Figuring out family

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Melody emailed these poignant questions:

Is there anything in print that gives SOME guidelines for proper family reunion etiquette with regard to who can attend a family reunion and who cannot? In this day and age, how does one deal with “significant others?” There are folks living together without being married. Some folks want in-laws who are not blood to attend. We understand that step-kids and adopted kids are included that’s not the problem.

Exactly what is the purpose of a FAMILY reunion? The kids just don’t understand what a family reunion is about. They think it’s for entertainment: golfing, horseshoes, pool tournaments, children’s games, with groups off doing their own thing all over the place. By the time everyone leaves, we don’t know much more about each other than when we arrived!

I am asking because our family doesn’t seem to know these things – especially those in their 30s. They have varying ideas about what is acceptable and what is not. The older and middle generations maintain Christian values, while the younger generation appear not to be so principled.

What is traditional reunion etiquette regarding my questions? Is there an established resource to which we can refer?

“Who is family?” is one of the most important questions family reunions must answer. Ironically, the real answer is that there are no real answers. Every family is different. There are many, many ways to answer your questions.

There is no one guideline unless a family chooses to set rules to exclude rather than include members. We are at a time in history when family is where you find it or where it finds you. It can be everyone descended from one ancestor or everyone who knows and cares about a descendant. It can be a group of siblings (which could be the current generation or earlier) and all their descendants. Renowned family therapist Dr. Ruth Westheimer, who lost her entire family in the Holocaust, talks about her family that was made up of friends until she married and began to establish a new family. Children of divorce, for example, are still cousins, nieces/nephews and grandchildren of both families. Some families stay close to ex-in-laws_some even like their ex’s family better than their own blood relatives! Some families include persons too distant to really have a fix on the relationship, or even have so much fun at reunions that they want to include friends.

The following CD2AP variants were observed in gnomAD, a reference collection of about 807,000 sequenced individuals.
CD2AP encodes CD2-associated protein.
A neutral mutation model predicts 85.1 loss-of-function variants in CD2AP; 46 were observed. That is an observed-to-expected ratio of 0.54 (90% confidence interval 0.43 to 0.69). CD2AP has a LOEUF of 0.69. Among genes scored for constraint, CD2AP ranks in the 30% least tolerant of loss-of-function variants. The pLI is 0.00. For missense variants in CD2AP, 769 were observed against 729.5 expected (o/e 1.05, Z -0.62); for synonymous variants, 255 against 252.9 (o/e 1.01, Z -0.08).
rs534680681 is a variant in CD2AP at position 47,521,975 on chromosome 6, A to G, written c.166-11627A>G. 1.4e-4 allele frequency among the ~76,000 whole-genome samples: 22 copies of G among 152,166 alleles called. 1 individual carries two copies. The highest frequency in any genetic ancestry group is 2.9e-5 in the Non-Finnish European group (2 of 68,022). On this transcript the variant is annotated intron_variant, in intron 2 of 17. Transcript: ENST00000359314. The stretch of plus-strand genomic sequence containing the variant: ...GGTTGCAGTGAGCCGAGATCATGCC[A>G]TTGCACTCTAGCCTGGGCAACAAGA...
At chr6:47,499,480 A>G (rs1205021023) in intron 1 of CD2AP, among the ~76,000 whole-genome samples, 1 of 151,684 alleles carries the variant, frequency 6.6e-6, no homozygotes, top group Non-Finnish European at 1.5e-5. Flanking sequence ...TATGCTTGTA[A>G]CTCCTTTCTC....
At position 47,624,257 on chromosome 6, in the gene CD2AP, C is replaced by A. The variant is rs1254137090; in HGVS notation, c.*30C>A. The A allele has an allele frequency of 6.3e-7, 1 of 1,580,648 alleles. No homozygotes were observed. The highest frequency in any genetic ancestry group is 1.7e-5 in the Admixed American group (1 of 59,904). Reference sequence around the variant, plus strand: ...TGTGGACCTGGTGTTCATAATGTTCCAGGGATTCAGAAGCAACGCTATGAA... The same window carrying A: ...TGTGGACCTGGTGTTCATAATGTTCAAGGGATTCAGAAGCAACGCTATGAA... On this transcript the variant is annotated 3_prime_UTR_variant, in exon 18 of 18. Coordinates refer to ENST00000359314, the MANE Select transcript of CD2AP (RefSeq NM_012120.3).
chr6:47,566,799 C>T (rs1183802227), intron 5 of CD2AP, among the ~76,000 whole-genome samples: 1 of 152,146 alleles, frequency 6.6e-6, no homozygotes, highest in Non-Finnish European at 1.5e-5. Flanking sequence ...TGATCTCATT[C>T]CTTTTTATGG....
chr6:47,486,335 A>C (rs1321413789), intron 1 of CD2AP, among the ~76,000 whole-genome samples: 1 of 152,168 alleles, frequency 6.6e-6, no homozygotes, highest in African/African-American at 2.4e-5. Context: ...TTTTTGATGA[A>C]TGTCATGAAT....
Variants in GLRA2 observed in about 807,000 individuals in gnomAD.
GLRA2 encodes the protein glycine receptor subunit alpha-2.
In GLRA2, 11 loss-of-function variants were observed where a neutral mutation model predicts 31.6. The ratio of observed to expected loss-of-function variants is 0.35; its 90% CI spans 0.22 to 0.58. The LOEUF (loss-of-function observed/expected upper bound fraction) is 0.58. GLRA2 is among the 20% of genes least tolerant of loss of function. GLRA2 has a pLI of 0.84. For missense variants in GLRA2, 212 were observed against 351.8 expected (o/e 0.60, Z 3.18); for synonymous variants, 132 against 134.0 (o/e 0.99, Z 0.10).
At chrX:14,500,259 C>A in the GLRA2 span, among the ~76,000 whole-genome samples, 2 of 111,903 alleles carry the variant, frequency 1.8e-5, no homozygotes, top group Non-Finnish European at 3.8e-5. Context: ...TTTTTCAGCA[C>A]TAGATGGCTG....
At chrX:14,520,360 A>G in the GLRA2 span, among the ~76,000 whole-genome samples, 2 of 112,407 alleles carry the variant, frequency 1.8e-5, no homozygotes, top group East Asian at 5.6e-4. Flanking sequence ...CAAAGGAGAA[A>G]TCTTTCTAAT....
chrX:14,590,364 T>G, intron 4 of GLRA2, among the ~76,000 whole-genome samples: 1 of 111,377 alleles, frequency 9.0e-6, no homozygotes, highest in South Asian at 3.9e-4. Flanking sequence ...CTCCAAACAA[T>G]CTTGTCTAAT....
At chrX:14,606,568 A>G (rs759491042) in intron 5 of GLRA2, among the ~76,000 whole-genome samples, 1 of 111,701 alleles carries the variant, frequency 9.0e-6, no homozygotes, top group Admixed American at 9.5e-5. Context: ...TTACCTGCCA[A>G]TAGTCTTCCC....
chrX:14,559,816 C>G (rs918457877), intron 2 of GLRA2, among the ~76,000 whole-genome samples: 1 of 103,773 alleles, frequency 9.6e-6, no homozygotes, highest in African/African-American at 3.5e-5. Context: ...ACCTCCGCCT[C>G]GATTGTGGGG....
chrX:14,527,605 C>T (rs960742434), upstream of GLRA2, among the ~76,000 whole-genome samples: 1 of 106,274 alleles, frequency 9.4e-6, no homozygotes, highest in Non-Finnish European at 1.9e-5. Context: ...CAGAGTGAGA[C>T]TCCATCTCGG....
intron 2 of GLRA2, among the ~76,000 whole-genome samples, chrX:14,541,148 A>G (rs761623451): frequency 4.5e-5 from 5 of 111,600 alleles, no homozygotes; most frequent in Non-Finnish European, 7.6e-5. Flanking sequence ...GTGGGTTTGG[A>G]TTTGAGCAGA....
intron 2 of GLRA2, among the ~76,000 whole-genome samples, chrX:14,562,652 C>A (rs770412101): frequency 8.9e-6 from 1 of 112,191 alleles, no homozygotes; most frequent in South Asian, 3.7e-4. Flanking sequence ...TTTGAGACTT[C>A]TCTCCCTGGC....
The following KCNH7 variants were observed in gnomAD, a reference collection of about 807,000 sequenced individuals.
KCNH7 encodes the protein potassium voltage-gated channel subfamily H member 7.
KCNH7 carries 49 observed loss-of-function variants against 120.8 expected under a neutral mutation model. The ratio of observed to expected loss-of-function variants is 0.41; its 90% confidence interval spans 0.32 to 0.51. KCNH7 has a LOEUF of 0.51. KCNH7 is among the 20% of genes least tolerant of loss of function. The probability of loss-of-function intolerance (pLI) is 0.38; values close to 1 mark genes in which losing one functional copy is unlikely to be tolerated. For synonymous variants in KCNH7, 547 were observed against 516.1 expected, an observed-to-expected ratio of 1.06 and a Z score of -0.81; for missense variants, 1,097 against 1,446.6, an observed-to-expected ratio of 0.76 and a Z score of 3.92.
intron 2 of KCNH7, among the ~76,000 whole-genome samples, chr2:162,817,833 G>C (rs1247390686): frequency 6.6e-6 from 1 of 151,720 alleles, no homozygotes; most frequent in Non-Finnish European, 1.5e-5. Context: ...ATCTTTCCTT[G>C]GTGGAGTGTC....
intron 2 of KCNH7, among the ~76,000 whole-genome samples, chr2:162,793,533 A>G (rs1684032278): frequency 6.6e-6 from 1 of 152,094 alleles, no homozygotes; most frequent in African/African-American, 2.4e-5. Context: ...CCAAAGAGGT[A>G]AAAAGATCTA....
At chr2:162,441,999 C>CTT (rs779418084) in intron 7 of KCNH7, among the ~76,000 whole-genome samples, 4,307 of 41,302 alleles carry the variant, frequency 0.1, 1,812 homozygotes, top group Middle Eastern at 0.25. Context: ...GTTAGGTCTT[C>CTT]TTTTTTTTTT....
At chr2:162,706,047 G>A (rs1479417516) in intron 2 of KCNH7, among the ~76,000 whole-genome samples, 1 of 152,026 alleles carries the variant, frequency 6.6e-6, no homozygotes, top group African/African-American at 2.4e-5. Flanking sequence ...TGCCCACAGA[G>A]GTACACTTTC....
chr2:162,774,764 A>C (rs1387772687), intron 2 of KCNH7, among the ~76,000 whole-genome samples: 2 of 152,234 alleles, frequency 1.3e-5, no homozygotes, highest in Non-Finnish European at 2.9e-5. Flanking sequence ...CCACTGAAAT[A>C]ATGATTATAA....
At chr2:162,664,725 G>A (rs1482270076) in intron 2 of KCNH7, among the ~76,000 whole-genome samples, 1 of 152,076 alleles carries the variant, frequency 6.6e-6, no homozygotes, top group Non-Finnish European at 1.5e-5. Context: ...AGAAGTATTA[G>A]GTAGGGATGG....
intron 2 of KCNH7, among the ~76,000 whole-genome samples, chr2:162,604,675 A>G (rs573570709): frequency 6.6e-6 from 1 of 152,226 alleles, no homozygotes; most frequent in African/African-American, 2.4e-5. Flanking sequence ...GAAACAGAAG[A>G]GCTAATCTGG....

One of my cardinal rules about family is that you exclude no one who is related. Some families have relatives who are not favorites, not good role models or tend to embarrass others. Let those people make their own decisions about attending; they will likely not come anyway, or perhaps they’ve changed. As a young person I adored an uncle, a bon vivant who embarrassed his own generation. While they did not welcome him, I loved to see him.

Most families “deal with” how they relate to one another from the nuclear to the extended family. If the nuclear family accepts significant others or people living together without benefit of marriage, why shouldn’t the extended family accept it? On the other hand, if some members are offended, a very specific decision may have to be made to exclude. But don’t expect the relative in that relationship to be eager to join the reunion. My personal preference is to be as all-inclusive as you possibly can for several reasons. The principals will be happier and the family may well be enriched by these new members.

As for the activities “golfing, horseshoes, pool tournaments, children’s games, with groups off doing their own thing…” you might give your members a bit of slack. These are precisely the activities that draw younger members. If young people come to your reunion which other organizers would give heaven and earth to even have happen and have a good time, consider yourself a success. They’ll come back if they have a good time and that means your reunion is a success, too. EW

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